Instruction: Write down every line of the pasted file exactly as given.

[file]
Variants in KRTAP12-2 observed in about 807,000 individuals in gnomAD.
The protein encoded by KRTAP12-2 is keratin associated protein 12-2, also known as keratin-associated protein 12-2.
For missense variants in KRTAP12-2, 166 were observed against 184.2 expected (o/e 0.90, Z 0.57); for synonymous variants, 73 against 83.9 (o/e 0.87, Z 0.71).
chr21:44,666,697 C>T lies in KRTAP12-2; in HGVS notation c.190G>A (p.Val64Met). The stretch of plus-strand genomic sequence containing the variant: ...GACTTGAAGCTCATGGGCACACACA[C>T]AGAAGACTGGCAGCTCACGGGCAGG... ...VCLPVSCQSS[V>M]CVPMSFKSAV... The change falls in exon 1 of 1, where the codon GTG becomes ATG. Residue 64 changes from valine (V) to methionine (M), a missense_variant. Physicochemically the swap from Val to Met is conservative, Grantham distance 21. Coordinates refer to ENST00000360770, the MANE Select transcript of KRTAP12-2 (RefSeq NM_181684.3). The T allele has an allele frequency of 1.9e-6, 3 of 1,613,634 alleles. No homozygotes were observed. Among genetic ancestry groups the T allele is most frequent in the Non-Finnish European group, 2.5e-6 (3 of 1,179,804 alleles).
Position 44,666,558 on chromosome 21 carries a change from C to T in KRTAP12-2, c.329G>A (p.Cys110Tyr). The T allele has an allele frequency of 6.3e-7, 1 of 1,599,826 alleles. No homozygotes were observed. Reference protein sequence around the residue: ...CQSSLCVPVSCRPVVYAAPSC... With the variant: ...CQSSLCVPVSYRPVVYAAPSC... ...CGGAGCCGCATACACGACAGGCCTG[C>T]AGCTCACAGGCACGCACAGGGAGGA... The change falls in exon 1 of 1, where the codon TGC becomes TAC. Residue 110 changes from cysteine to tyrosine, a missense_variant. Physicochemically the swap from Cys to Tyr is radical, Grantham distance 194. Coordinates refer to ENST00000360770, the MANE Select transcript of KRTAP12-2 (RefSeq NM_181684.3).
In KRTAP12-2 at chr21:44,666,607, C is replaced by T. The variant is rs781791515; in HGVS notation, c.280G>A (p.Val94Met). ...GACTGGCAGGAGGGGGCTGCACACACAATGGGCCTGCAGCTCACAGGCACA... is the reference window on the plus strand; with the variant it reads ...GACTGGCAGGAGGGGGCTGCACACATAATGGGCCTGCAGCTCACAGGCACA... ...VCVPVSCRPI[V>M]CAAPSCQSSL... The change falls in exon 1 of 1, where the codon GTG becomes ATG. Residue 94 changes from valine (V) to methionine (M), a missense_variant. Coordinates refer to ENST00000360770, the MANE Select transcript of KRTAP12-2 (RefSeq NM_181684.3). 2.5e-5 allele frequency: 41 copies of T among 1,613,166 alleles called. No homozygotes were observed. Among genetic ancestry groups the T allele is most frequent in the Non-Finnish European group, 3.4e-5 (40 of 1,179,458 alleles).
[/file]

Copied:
Variants in KRTAP12-2 observed in about 807,000 individuals in gnomAD.
The protein encoded by KRTAP12-2 is keratin associated protein 12-2, also known as keratin-associated protein 12-2.
For missense variants in KRTAP12-2, 166 were observed against 184.2 expected (o/e 0.90, Z 0.57); for synonymous variants, 73 against 83.9 (o/e 0.87, Z 0.71).
chr21:44,666,697 C>T lies in KRTAP12-2; in HGVS notation c.190G>A (p.Val64Met). The stretch of plus-strand genomic sequence containing the variant: ...GACTTGAAGCTCATGGGCACACACA[C>T]AGAAGACTGGCAGCTCACGGGCAGG... ...VCLPVSCQSS[V>M]CVPMSFKSAV... The change falls in exon 1 of 1, where the codon GTG becomes ATG. Residue 64 changes from valine (V) to methionine (M), a missense_variant. Physicochemically the swap from Val to Met is conservative, Grantham distance 21. Coordinates refer to ENST00000360770, the MANE Select transcript of KRTAP12-2 (RefSeq NM_181684.3). The T allele has an allele frequency of 1.9e-6, 3 of 1,613,634 alleles. No homozygotes were observed. Among genetic ancestry groups the T allele is most frequent in the Non-Finnish European group, 2.5e-6 (3 of 1,179,804 alleles).
Position 44,666,558 on chromosome 21 carries a change from C to T in KRTAP12-2, c.329G>A (p.Cys110Tyr). The T allele has an allele frequency of 6.3e-7, 1 of 1,599,826 alleles. No homozygotes were observed. Reference protein sequence around the residue: ...CQSSLCVPVSCRPVVYAAPSC... With the variant: ...CQSSLCVPVSYRPVVYAAPSC... ...CGGAGCCGCATACACGACAGGCCTG[C>T]AGCTCACAGGCACGCACAGGGAGGA... The change falls in exon 1 of 1, where the codon TGC becomes TAC. Residue 110 changes from cysteine to tyrosine, a missense_variant. Physicochemically the swap from Cys to Tyr is radical, Grantham distance 194. Coordinates refer to ENST00000360770, the MANE Select transcript of KRTAP12-2 (RefSeq NM_181684.3).
In KRTAP12-2 at chr21:44,666,607, C is replaced by T. The variant is rs781791515; in HGVS notation, c.280G>A (p.Val94Met). ...GACTGGCAGGAGGGGGCTGCACACACAATGGGCCTGCAGCTCACAGGCACA... is the reference window on the plus strand; with the variant it reads ...GACTGGCAGGAGGGGGCTGCACACATAATGGGCCTGCAGCTCACAGGCACA... ...VCVPVSCRPI[V>M]CAAPSCQSSL... The change falls in exon 1 of 1, where the codon GTG becomes ATG. Residue 94 changes from valine (V) to methionine (M), a missense_variant. Coordinates refer to ENST00000360770, the MANE Select transcript of KRTAP12-2 (RefSeq NM_181684.3). 2.5e-5 allele frequency: 41 copies of T among 1,613,166 alleles called. No homozygotes were observed. Among genetic ancestry groups the T allele is most frequent in the Non-Finnish European group, 3.4e-5 (40 of 1,179,458 alleles).